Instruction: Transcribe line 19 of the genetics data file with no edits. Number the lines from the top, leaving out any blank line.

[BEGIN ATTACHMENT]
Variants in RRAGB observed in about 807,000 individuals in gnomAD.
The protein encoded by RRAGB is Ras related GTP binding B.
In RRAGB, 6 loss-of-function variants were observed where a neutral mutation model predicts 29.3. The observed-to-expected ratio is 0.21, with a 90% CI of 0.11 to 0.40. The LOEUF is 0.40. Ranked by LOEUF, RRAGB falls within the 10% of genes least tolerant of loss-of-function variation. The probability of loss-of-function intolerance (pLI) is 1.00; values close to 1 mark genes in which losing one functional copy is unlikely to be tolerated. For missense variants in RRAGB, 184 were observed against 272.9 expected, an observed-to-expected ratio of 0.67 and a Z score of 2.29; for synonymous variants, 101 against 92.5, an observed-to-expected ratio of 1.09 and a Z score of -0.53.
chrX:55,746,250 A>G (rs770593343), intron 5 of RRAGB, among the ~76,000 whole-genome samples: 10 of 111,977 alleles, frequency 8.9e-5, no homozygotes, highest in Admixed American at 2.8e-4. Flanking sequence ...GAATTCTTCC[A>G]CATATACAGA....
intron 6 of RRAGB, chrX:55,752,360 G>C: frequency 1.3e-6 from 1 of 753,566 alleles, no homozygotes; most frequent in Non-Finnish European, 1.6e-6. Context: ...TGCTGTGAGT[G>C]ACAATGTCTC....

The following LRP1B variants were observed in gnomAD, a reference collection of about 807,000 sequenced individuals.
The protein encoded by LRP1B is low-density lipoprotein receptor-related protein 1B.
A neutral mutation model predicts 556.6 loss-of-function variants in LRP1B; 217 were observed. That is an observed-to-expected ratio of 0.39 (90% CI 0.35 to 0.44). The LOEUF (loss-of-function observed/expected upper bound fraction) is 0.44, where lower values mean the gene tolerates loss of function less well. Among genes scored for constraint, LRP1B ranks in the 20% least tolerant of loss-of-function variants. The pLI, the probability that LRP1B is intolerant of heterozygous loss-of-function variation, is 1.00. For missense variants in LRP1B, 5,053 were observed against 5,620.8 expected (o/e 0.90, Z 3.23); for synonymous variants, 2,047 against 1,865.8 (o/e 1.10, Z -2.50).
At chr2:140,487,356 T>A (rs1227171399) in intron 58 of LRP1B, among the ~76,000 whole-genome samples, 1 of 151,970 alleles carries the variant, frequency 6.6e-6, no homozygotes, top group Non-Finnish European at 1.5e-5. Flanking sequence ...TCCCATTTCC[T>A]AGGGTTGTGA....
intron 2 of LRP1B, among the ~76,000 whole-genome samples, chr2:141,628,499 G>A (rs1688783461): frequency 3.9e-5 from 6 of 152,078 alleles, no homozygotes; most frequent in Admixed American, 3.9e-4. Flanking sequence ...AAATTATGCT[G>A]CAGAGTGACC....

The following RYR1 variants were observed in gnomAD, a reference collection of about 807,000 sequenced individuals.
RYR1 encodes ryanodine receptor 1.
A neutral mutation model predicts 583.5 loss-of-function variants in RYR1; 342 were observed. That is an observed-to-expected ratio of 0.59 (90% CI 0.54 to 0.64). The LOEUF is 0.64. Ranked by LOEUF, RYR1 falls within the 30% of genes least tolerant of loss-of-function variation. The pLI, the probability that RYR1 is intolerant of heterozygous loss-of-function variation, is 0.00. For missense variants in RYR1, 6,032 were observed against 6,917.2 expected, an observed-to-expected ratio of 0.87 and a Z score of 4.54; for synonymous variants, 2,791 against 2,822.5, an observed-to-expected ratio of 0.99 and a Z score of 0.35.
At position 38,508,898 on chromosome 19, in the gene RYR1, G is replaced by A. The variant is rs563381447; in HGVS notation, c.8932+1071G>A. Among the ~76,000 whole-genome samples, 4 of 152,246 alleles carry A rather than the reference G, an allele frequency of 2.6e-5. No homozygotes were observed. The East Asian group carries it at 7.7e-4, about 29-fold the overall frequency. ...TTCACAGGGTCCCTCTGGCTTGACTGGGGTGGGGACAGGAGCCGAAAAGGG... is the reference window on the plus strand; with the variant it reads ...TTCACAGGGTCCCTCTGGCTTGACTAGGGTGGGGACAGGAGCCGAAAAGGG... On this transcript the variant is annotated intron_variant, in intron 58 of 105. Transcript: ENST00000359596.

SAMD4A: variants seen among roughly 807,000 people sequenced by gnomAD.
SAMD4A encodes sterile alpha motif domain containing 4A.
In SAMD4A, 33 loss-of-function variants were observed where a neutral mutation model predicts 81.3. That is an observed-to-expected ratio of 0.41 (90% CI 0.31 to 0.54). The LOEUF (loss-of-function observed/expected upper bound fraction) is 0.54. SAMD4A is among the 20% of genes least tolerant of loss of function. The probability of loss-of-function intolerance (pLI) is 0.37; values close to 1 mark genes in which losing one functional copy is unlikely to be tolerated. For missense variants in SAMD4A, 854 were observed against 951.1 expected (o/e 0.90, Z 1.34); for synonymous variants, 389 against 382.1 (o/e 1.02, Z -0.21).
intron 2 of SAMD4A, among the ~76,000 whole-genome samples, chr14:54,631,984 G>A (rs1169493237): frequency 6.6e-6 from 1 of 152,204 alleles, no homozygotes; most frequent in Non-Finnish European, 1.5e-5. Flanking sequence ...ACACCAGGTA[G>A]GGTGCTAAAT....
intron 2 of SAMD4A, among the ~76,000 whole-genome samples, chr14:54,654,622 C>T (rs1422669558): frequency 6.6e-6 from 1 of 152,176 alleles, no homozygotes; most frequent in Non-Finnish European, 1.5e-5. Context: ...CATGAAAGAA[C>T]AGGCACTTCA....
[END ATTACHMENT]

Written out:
intron 2 of SAMD4A, among the ~76,000 whole-genome samples, chr14:54,654,622 C>T (rs1422669558): frequency 6.6e-6 from 1 of 152,176 alleles, no homozygotes; most frequent in Non-Finnish European, 1.5e-5. Context: ...CATGAAAGAA[C>T]AGGCACTTCA....